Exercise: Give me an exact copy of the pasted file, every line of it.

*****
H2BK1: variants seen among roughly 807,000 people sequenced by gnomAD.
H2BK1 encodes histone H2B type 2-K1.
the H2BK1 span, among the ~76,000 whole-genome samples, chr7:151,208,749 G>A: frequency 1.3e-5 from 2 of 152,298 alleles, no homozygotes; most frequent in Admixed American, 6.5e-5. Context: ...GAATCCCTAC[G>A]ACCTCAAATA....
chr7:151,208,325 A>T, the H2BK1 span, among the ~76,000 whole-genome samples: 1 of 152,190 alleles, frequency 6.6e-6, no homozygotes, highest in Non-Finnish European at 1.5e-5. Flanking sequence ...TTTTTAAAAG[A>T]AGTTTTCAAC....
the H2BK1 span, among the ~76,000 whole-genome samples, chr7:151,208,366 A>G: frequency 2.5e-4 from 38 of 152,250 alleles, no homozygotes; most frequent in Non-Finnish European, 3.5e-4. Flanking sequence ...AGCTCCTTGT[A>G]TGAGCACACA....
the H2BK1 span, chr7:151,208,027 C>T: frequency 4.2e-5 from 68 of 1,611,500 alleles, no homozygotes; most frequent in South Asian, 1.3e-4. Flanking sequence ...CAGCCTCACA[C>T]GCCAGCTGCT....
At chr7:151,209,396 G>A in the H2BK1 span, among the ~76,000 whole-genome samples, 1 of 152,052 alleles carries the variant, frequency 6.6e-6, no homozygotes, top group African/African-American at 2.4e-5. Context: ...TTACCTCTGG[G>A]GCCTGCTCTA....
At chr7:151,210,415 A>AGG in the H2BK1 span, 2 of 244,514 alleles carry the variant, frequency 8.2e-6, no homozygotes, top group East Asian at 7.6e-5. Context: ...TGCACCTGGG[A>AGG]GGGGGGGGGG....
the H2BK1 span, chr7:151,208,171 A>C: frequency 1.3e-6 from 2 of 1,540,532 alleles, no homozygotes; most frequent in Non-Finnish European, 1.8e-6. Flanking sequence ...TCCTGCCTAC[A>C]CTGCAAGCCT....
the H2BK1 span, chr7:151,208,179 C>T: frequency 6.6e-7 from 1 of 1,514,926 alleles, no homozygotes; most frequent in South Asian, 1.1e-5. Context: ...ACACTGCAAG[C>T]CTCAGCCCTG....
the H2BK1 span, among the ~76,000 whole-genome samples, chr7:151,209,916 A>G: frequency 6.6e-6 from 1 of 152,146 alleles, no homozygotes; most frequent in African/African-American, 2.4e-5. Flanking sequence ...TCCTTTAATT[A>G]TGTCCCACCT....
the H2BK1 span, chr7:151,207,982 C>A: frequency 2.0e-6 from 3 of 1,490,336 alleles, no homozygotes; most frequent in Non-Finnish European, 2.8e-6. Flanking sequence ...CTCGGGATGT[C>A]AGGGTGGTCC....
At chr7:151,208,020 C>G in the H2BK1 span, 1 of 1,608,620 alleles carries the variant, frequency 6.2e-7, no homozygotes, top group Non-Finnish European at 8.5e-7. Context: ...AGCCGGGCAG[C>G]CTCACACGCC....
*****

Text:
H2BK1: variants seen among roughly 807,000 people sequenced by gnomAD.
H2BK1 encodes histone H2B type 2-K1.
the H2BK1 span, among the ~76,000 whole-genome samples, chr7:151,208,749 G>A: frequency 1.3e-5 from 2 of 152,298 alleles, no homozygotes; most frequent in Admixed American, 6.5e-5. Context: ...GAATCCCTAC[G>A]ACCTCAAATA....
chr7:151,208,325 A>T, the H2BK1 span, among the ~76,000 whole-genome samples: 1 of 152,190 alleles, frequency 6.6e-6, no homozygotes, highest in Non-Finnish European at 1.5e-5. Flanking sequence ...TTTTTAAAAG[A>T]AGTTTTCAAC....
the H2BK1 span, among the ~76,000 whole-genome samples, chr7:151,208,366 A>G: frequency 2.5e-4 from 38 of 152,250 alleles, no homozygotes; most frequent in Non-Finnish European, 3.5e-4. Flanking sequence ...AGCTCCTTGT[A>G]TGAGCACACA....
the H2BK1 span, chr7:151,208,027 C>T: frequency 4.2e-5 from 68 of 1,611,500 alleles, no homozygotes; most frequent in South Asian, 1.3e-4. Flanking sequence ...CAGCCTCACA[C>T]GCCAGCTGCT....
At chr7:151,209,396 G>A in the H2BK1 span, among the ~76,000 whole-genome samples, 1 of 152,052 alleles carries the variant, frequency 6.6e-6, no homozygotes, top group African/African-American at 2.4e-5. Context: ...TTACCTCTGG[G>A]GCCTGCTCTA....
At chr7:151,210,415 A>AGG in the H2BK1 span, 2 of 244,514 alleles carry the variant, frequency 8.2e-6, no homozygotes, top group East Asian at 7.6e-5. Context: ...TGCACCTGGG[A>AGG]GGGGGGGGGG....
the H2BK1 span, chr7:151,208,171 A>C: frequency 1.3e-6 from 2 of 1,540,532 alleles, no homozygotes; most frequent in Non-Finnish European, 1.8e-6. Flanking sequence ...TCCTGCCTAC[A>C]CTGCAAGCCT....
the H2BK1 span, chr7:151,208,179 C>T: frequency 6.6e-7 from 1 of 1,514,926 alleles, no homozygotes; most frequent in South Asian, 1.1e-5. Context: ...ACACTGCAAG[C>T]CTCAGCCCTG....
the H2BK1 span, among the ~76,000 whole-genome samples, chr7:151,209,916 A>G: frequency 6.6e-6 from 1 of 152,146 alleles, no homozygotes; most frequent in African/African-American, 2.4e-5. Flanking sequence ...TCCTTTAATT[A>G]TGTCCCACCT....
the H2BK1 span, chr7:151,207,982 C>A: frequency 2.0e-6 from 3 of 1,490,336 alleles, no homozygotes; most frequent in Non-Finnish European, 2.8e-6. Flanking sequence ...CTCGGGATGT[C>A]AGGGTGGTCC....
At chr7:151,208,020 C>G in the H2BK1 span, 1 of 1,608,620 alleles carries the variant, frequency 6.2e-7, no homozygotes, top group Non-Finnish European at 8.5e-7. Context: ...AGCCGGGCAG[C>G]CTCACACGCC....